Knife height also had a significant effect on veneer quality. Setting the knife at the spindle center proved to be the best. Veneer thickness at this setting was consistently closest to the target, and had the smoothest surfaces and smallest lathe checks. Average veneer thickness was lowest as well. While higher or lower settings created rougher veneer, higher settings were more forgiving than lower ones. For best results, the peeling knife should therefore be set at 0.0” to 0.015” above the spindle center.
Incisor teeth pattern affected veneer quality. Narrower teeth and a wider gap resulted in better veneer quality in terms of veneer curl-up (flatness) and green and dry veneer thickness variations. However, the effect of incisor teeth patterns on veneer roughness and lathe checks seemed to be negligible.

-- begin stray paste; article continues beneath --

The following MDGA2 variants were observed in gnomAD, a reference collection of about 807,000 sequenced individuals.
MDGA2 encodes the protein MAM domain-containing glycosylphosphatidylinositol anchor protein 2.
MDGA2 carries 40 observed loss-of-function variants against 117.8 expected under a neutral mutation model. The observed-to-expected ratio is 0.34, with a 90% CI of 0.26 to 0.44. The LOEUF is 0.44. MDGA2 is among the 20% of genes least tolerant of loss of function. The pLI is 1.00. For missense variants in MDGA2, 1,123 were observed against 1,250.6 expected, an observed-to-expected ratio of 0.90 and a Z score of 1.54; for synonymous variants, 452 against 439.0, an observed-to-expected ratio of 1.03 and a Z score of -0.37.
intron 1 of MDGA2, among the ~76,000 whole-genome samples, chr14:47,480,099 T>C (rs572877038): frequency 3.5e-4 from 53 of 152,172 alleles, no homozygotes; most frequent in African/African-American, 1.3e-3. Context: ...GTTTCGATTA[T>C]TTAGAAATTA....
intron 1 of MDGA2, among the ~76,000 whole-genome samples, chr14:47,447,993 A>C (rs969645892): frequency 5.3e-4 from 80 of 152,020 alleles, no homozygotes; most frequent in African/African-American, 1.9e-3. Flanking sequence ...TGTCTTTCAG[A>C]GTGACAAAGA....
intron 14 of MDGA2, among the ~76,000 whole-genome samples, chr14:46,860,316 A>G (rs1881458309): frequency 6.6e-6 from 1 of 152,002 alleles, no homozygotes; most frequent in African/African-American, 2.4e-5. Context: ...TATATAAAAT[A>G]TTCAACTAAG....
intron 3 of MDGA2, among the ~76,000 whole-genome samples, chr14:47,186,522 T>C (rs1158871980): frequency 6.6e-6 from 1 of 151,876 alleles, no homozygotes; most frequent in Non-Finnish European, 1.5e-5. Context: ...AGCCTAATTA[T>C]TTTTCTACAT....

The validation tests revealed that an optimum lathe setting for the smooth roller bar was the following: pitch angle (PA) =89.50, vertical gap (VG)=0.425” and horizontal gap (HG) = 0.1”, and the optimum lathe setting for the incisor bar was the following: PA=90.50, VG=0.388” and HG=0.1” to 0.11” when peeling 1/8-inch veneer.
The peeling computer program VPeel® was successfully upgraded to allow users to define profiles of pitch angle and horizontal gap. This feature will help the veneer product industry to define optimum lathe settings.
As a result of its fast growth and abundant availability, aspen has become an increasingly important commercial wood species in the production of oriented strand board (OSB) and veneer-based composites such as laminated veneer lumber (LVL). The purpose of the study described in this report was to determine the effect of conditioning temperature on veneer quality using a 5/8" roller bar, and to determine the optimum bar gaps based on results from previous Forintek studies on aspen veneer peeling.